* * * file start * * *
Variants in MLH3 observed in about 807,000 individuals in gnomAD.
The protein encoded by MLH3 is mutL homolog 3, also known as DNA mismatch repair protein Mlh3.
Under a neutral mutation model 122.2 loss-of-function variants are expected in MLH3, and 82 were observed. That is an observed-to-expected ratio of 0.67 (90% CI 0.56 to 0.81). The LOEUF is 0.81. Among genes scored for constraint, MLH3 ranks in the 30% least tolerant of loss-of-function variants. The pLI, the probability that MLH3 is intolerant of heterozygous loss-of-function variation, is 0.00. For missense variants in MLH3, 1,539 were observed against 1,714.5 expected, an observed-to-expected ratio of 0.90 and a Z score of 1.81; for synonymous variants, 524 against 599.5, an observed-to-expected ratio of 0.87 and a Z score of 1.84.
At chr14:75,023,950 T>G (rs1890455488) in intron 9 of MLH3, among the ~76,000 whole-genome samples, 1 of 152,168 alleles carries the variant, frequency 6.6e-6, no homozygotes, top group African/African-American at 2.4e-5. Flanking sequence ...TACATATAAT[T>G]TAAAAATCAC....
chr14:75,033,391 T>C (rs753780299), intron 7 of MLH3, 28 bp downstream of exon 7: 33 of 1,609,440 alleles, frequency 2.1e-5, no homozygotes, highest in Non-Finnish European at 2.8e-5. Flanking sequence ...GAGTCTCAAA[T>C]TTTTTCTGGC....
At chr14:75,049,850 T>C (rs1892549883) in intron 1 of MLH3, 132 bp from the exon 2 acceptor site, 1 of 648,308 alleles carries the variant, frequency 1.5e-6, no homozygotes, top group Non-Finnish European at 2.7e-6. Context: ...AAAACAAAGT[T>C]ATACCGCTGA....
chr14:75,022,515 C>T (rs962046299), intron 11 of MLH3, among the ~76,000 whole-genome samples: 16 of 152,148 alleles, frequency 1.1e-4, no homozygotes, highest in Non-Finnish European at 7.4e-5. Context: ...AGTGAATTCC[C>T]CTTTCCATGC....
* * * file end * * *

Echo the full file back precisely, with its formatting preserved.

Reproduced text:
Variants in MLH3 observed in about 807,000 individuals in gnomAD.
The protein encoded by MLH3 is mutL homolog 3, also known as DNA mismatch repair protein Mlh3.
Under a neutral mutation model 122.2 loss-of-function variants are expected in MLH3, and 82 were observed. That is an observed-to-expected ratio of 0.67 (90% CI 0.56 to 0.81). The LOEUF is 0.81. Among genes scored for constraint, MLH3 ranks in the 30% least tolerant of loss-of-function variants. The pLI, the probability that MLH3 is intolerant of heterozygous loss-of-function variation, is 0.00. For missense variants in MLH3, 1,539 were observed against 1,714.5 expected, an observed-to-expected ratio of 0.90 and a Z score of 1.81; for synonymous variants, 524 against 599.5, an observed-to-expected ratio of 0.87 and a Z score of 1.84.
At chr14:75,023,950 T>G (rs1890455488) in intron 9 of MLH3, among the ~76,000 whole-genome samples, 1 of 152,168 alleles carries the variant, frequency 6.6e-6, no homozygotes, top group African/African-American at 2.4e-5. Flanking sequence ...TACATATAAT[T>G]TAAAAATCAC....
chr14:75,033,391 T>C (rs753780299), intron 7 of MLH3, 28 bp downstream of exon 7: 33 of 1,609,440 alleles, frequency 2.1e-5, no homozygotes, highest in Non-Finnish European at 2.8e-5. Flanking sequence ...GAGTCTCAAA[T>C]TTTTTCTGGC....
At chr14:75,049,850 T>C (rs1892549883) in intron 1 of MLH3, 132 bp from the exon 2 acceptor site, 1 of 648,308 alleles carries the variant, frequency 1.5e-6, no homozygotes, top group Non-Finnish European at 2.7e-6. Context: ...AAAACAAAGT[T>C]ATACCGCTGA....
chr14:75,022,515 C>T (rs962046299), intron 11 of MLH3, among the ~76,000 whole-genome samples: 16 of 152,148 alleles, frequency 1.1e-4, no homozygotes, highest in Non-Finnish European at 7.4e-5. Context: ...AGTGAATTCC[C>T]CTTTCCATGC....